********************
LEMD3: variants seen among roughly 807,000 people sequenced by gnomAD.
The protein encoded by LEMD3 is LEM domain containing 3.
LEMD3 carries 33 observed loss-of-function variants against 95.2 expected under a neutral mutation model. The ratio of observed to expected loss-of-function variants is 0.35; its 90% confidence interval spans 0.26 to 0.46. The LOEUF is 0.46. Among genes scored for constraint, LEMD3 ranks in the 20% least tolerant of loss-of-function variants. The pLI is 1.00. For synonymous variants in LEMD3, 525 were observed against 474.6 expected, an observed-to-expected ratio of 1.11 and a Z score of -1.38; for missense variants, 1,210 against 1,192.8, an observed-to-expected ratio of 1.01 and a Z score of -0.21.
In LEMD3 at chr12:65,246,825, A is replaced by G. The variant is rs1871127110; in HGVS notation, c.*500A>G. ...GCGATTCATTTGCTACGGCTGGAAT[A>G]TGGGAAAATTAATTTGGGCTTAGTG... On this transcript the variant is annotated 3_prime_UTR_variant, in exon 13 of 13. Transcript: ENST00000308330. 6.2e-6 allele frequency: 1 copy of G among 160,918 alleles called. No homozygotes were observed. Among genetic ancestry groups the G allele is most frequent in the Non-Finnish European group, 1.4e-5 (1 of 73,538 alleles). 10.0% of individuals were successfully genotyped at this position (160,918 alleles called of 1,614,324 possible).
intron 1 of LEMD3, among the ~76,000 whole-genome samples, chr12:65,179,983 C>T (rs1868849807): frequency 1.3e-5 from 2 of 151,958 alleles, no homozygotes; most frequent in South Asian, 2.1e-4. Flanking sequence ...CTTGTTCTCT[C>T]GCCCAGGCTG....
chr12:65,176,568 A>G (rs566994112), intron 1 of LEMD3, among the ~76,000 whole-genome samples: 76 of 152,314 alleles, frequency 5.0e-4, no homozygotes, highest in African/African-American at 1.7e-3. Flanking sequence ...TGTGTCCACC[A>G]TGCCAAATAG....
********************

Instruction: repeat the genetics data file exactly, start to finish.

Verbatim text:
LEMD3: variants seen among roughly 807,000 people sequenced by gnomAD.
The protein encoded by LEMD3 is LEM domain containing 3.
LEMD3 carries 33 observed loss-of-function variants against 95.2 expected under a neutral mutation model. The ratio of observed to expected loss-of-function variants is 0.35; its 90% confidence interval spans 0.26 to 0.46. The LOEUF is 0.46. Among genes scored for constraint, LEMD3 ranks in the 20% least tolerant of loss-of-function variants. The pLI is 1.00. For synonymous variants in LEMD3, 525 were observed against 474.6 expected, an observed-to-expected ratio of 1.11 and a Z score of -1.38; for missense variants, 1,210 against 1,192.8, an observed-to-expected ratio of 1.01 and a Z score of -0.21.
In LEMD3 at chr12:65,246,825, A is replaced by G. The variant is rs1871127110; in HGVS notation, c.*500A>G. ...GCGATTCATTTGCTACGGCTGGAAT[A>G]TGGGAAAATTAATTTGGGCTTAGTG... On this transcript the variant is annotated 3_prime_UTR_variant, in exon 13 of 13. Transcript: ENST00000308330. 6.2e-6 allele frequency: 1 copy of G among 160,918 alleles called. No homozygotes were observed. Among genetic ancestry groups the G allele is most frequent in the Non-Finnish European group, 1.4e-5 (1 of 73,538 alleles). 10.0% of individuals were successfully genotyped at this position (160,918 alleles called of 1,614,324 possible).
intron 1 of LEMD3, among the ~76,000 whole-genome samples, chr12:65,179,983 C>T (rs1868849807): frequency 1.3e-5 from 2 of 151,958 alleles, no homozygotes; most frequent in South Asian, 2.1e-4. Flanking sequence ...CTTGTTCTCT[C>T]GCCCAGGCTG....
chr12:65,176,568 A>G (rs566994112), intron 1 of LEMD3, among the ~76,000 whole-genome samples: 76 of 152,314 alleles, frequency 5.0e-4, no homozygotes, highest in African/African-American at 1.7e-3. Flanking sequence ...TGTGTCCACC[A>G]TGCCAAATAG....